Investment from wealthy entrepreneurs with a passion for space will usher in a new era that makes leaving the Earth’s atmosphere accessible to anyone, Bezos said Tuesday.
Earlier, he announced that Blue Origin will put $200 million into a new rocket assembly facility and launch site in Cape Canaveral, Florida.
"Our ultimate vision is millions of people living and working in space," Bezos said during a rare, 30-minute interview in Florida with reporters after the Blue Origin announcement.
"We have a long way to go."
The 51 year old Bezos the world’s seventh-richest man with a net worth of around $47 billion. Bezos is 3 and half times richer than Elon Musk ($13 billion net worth). Elon Musk also wants millions of people in space. Although Elon wants more people in cities in Mars than in orbit.
Amazon CEO Jeff Bezos' Net Worth Soared by $32.1 Billion in 2015
Bigelow expandable space stations and larger reusable rockets would enable large scale space colonization
Bigelow Aerospace has designed 2100 cubic meter expandable space station modules which might be launchable by a slightly refined Spacex Heavy.
The larger planned Mars colonization transport (MCT) would be able to launch modules that are three to five times larger.
Fuel could be launched and stored at fuel depots in orbit. This would enable more cargo to be moved to Mars with refueling in orbit and other locations in space.
Spacex could launch 100 Bigelow 2100 cubic meter modules for about $1 billion using two reusable Spacex Heavies over as little as one year (one launch per week). Blue Origin might also be able to make larger reusable rockets.
This would be 200,000 cubic meters of volume. This would be enough for 2000 people with the same facilities per person as the Hercules resupply depot design.
Spacex could launch 1000 Bigelow 6000 cubic meter modules in one year.
This would be 600,000 cubic meters of volume. This would be enough for 6000 people with the same facilities per person as the Hercules resupply depot design.
Reaching 1 million people in orbit would be 170 of the one thousand expandable modules. 6000 people is a bit more than the number of people in a large aircraft carrier. The Mandalay Bay hotel in Las Vegas has 3309 rooms and suites.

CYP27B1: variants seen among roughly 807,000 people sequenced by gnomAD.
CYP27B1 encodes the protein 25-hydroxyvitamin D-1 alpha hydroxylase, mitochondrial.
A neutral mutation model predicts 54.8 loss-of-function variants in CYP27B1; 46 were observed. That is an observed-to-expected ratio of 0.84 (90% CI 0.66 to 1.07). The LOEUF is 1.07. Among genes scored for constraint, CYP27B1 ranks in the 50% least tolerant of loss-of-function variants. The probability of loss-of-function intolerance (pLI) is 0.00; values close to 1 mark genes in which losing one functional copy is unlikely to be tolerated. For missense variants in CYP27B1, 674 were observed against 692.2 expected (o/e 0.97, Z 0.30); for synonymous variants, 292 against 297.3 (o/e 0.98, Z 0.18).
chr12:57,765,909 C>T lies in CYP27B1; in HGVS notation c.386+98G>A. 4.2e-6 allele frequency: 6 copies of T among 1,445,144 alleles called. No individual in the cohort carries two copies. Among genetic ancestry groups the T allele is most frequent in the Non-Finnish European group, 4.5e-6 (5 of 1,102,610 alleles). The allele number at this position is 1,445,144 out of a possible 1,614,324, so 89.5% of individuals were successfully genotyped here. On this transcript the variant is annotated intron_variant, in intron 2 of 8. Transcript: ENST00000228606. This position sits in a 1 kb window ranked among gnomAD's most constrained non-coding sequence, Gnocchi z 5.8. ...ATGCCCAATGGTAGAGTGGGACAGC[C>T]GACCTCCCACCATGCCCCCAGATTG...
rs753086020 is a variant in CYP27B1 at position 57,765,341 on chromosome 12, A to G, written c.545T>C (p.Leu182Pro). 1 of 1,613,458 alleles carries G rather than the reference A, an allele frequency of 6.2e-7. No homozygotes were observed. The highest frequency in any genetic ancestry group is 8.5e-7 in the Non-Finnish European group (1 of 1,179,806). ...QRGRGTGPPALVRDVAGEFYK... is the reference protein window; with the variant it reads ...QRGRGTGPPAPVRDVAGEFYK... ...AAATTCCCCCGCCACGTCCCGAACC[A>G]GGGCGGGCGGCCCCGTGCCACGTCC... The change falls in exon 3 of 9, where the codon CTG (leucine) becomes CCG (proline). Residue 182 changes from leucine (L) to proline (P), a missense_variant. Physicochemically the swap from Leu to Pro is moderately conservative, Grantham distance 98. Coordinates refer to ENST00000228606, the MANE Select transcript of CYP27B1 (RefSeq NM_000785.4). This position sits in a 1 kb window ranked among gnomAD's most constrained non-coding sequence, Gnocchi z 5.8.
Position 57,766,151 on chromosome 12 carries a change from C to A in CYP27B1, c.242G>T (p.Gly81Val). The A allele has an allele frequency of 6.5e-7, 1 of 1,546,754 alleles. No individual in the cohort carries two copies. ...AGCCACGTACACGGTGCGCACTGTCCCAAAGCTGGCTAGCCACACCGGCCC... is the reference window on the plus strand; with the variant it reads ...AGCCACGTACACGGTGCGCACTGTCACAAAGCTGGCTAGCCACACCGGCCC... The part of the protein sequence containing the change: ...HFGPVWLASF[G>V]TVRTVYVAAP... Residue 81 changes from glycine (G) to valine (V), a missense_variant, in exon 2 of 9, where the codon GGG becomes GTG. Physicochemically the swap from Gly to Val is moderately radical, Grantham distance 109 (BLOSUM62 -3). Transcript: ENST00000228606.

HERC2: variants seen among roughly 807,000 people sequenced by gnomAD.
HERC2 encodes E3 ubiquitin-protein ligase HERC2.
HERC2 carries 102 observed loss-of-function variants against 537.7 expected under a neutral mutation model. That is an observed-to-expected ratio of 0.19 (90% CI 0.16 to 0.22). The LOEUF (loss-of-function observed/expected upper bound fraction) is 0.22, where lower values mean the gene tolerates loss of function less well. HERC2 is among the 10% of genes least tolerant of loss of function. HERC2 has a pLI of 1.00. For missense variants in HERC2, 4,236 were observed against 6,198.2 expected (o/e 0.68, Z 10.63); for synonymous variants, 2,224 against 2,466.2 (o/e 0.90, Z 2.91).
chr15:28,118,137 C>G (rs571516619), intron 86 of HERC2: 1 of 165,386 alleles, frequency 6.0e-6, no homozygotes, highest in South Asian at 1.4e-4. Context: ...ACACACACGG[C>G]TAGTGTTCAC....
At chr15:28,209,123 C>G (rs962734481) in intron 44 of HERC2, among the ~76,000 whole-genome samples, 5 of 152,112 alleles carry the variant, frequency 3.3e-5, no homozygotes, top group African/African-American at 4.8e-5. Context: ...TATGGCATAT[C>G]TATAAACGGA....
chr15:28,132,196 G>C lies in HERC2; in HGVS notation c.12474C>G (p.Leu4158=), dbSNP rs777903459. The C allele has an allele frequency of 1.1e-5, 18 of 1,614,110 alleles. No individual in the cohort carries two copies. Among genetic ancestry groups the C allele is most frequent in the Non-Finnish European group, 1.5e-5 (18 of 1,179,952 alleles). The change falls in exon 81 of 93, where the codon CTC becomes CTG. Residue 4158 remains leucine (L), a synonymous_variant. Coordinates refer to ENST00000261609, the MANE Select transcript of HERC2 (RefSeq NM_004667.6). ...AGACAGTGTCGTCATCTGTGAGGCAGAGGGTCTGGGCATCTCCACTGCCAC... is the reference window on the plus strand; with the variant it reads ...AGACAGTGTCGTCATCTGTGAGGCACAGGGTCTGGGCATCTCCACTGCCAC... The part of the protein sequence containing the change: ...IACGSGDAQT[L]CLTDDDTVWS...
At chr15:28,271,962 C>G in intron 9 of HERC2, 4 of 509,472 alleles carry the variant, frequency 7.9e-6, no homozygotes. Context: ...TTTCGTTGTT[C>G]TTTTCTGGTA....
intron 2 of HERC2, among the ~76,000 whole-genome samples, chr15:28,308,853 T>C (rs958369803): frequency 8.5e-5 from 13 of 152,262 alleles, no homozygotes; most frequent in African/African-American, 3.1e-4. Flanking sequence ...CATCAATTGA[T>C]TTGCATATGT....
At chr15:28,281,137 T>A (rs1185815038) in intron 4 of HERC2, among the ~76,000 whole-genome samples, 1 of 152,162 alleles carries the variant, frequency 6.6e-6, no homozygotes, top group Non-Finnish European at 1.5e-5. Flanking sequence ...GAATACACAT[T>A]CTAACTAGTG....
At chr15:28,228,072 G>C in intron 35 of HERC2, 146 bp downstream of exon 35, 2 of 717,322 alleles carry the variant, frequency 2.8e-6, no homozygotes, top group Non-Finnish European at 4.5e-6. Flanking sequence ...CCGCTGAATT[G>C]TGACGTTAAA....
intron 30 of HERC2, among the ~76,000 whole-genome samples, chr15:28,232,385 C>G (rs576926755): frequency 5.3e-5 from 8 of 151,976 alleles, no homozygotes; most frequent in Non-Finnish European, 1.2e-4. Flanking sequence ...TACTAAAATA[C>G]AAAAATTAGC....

1 million people would be like 170 large light weight versions of cruise ships, hotels or air craft carrier structures in orbit.
Robotic and additive manufacturing could enable massive frames and massive solar power arrays
Tethers Unlimited is currently developing a revolutionary suite of technologies called "SpiderFab" to enable on-orbit fabrication of large spacecraft components such as antennas, solar panels, trusses, and other multifunctional structures. SpiderFab provides order-of-magnitude packing- and mass- efficiency improvements over current deployable structures and enables construction of kilometer-scale apertures within current launch vehicle capabilities, providing higher-resolution data at lower life-cycle cost.
They have received a $500,000 phase 2 NASA NIAC contract, which follows a $100,000 phase 1 contract to develop the technology.
100 of the 2100 cubic meter stations would be about $50 billion without any volume discount.
100 of the 6000 cubic meter station might be about $100 billion.
Launching with reusable rockets would be about $1 billion.
Say $10-20 billion for Spiderfab constructed solar power dish arrays and structure.
There would need to be $10-20 billion for operations.
It would be less than the cost of the international space station.
Spiderfab, Expandable stations and Reusable rockets could make affordable large scale orbital colonization
A ten thousand person colonization space ship design is proposed with a focus on how the community and living spaces should be designed. People are assigned area with the density of the city of Seattle and standard mixed use living areas. Everyone has 50 square meters of living space. There is agricultural and other green areas.
The International space station was built with 160 modules and dozens of launches over fifteen years. It weighs 450 tons. It has about 850 cubic meters of pressurized volume and has a crew of 6.
The cost is $150 billion including 36 shuttle flights at $1.4 billion each, Russia's $12 billion ISS budget, Europe's $5 billion, Japan's $5 billion, and Canada's $2 billion. Assuming 20,000 person-days of use from 2000 to 2015 by two to six-person crews, each person-day would cost $7.5 million, less than half the inflation adjusted $19.6 million ($5.5 million before inflation) per person-day of Skylab.